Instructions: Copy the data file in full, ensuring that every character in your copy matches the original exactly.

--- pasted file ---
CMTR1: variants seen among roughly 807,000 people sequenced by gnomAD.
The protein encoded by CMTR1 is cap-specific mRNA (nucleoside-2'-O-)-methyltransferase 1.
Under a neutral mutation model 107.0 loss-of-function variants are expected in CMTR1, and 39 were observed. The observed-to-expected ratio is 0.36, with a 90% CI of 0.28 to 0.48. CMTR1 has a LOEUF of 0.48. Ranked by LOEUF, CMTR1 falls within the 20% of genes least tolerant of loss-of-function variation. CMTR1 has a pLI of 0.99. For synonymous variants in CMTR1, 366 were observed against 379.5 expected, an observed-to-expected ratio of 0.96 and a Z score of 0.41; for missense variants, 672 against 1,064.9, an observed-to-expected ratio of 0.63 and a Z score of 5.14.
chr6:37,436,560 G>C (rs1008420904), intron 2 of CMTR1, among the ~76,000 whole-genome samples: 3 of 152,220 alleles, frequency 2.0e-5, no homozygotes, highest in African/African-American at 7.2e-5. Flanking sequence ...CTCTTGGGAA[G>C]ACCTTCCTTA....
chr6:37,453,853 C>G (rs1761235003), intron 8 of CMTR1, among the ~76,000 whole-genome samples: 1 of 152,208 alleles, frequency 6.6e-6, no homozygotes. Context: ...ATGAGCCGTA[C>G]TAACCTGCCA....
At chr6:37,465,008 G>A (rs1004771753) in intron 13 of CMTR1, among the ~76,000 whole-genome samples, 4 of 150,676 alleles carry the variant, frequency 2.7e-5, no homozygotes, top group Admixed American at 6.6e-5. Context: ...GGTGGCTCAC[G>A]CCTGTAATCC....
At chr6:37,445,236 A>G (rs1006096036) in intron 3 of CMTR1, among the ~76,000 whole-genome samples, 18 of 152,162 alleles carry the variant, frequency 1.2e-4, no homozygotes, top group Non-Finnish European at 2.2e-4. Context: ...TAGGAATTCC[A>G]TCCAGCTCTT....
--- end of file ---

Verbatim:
CMTR1: variants seen among roughly 807,000 people sequenced by gnomAD.
The protein encoded by CMTR1 is cap-specific mRNA (nucleoside-2'-O-)-methyltransferase 1.
Under a neutral mutation model 107.0 loss-of-function variants are expected in CMTR1, and 39 were observed. The observed-to-expected ratio is 0.36, with a 90% CI of 0.28 to 0.48. CMTR1 has a LOEUF of 0.48. Ranked by LOEUF, CMTR1 falls within the 20% of genes least tolerant of loss-of-function variation. CMTR1 has a pLI of 0.99. For synonymous variants in CMTR1, 366 were observed against 379.5 expected, an observed-to-expected ratio of 0.96 and a Z score of 0.41; for missense variants, 672 against 1,064.9, an observed-to-expected ratio of 0.63 and a Z score of 5.14.
chr6:37,436,560 G>C (rs1008420904), intron 2 of CMTR1, among the ~76,000 whole-genome samples: 3 of 152,220 alleles, frequency 2.0e-5, no homozygotes, highest in African/African-American at 7.2e-5. Flanking sequence ...CTCTTGGGAA[G>C]ACCTTCCTTA....
chr6:37,453,853 C>G (rs1761235003), intron 8 of CMTR1, among the ~76,000 whole-genome samples: 1 of 152,208 alleles, frequency 6.6e-6, no homozygotes. Context: ...ATGAGCCGTA[C>G]TAACCTGCCA....
At chr6:37,465,008 G>A (rs1004771753) in intron 13 of CMTR1, among the ~76,000 whole-genome samples, 4 of 150,676 alleles carry the variant, frequency 2.7e-5, no homozygotes, top group Admixed American at 6.6e-5. Context: ...GGTGGCTCAC[G>A]CCTGTAATCC....
At chr6:37,445,236 A>G (rs1006096036) in intron 3 of CMTR1, among the ~76,000 whole-genome samples, 18 of 152,162 alleles carry the variant, frequency 1.2e-4, no homozygotes, top group Non-Finnish European at 2.2e-4. Context: ...TAGGAATTCC[A>G]TCCAGCTCTT....